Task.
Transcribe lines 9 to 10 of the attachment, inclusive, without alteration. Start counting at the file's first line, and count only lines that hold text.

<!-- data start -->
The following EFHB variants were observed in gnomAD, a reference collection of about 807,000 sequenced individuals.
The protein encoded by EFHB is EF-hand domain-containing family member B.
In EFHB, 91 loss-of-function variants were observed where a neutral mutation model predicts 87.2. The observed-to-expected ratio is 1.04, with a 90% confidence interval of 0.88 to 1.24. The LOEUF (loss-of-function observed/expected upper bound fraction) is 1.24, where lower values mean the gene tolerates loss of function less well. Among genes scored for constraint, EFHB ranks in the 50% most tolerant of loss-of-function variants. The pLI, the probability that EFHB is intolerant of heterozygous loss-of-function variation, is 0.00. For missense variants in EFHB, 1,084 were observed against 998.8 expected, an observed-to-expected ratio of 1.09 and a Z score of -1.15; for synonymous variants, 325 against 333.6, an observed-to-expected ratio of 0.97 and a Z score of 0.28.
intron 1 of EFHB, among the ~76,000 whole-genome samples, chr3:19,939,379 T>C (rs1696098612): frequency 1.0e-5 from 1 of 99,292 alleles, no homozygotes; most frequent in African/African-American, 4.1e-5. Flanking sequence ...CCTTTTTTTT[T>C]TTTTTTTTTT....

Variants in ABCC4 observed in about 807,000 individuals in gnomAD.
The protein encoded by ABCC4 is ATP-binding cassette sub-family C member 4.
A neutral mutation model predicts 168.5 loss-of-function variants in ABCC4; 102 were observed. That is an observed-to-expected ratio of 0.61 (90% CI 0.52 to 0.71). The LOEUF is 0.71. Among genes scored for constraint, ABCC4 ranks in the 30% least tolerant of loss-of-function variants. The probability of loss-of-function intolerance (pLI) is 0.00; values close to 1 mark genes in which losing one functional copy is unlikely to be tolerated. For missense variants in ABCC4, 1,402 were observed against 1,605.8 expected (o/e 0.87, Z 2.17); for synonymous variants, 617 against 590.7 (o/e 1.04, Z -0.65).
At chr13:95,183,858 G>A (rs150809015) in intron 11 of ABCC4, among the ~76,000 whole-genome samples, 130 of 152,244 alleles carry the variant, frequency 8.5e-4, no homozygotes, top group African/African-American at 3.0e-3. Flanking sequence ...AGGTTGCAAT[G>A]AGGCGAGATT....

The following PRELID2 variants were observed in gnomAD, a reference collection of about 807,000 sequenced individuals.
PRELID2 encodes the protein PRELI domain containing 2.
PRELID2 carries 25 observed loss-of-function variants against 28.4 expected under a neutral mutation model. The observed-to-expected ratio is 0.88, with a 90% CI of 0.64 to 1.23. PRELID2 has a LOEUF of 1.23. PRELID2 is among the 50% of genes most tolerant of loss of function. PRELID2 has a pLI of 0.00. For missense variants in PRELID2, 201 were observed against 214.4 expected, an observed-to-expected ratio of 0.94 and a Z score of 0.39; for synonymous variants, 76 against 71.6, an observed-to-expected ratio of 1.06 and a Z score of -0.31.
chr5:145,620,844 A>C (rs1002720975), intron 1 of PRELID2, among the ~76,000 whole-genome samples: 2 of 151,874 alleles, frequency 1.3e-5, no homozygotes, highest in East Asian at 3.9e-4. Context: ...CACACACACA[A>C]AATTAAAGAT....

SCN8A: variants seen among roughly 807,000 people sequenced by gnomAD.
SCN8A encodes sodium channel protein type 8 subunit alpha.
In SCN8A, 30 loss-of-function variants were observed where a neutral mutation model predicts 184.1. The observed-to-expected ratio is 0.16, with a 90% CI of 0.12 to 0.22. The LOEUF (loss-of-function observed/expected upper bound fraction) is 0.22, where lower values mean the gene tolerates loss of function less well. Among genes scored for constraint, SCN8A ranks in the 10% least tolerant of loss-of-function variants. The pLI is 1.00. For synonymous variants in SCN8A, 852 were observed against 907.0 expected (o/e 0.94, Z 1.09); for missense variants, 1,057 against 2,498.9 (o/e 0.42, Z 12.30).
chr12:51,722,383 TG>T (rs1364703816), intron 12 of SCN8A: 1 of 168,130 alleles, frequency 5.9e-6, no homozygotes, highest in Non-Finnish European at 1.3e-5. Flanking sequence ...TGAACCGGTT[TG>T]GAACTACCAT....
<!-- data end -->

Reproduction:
The following PRELID2 variants were observed in gnomAD, a reference collection of about 807,000 sequenced individuals.
PRELID2 encodes the protein PRELI domain containing 2.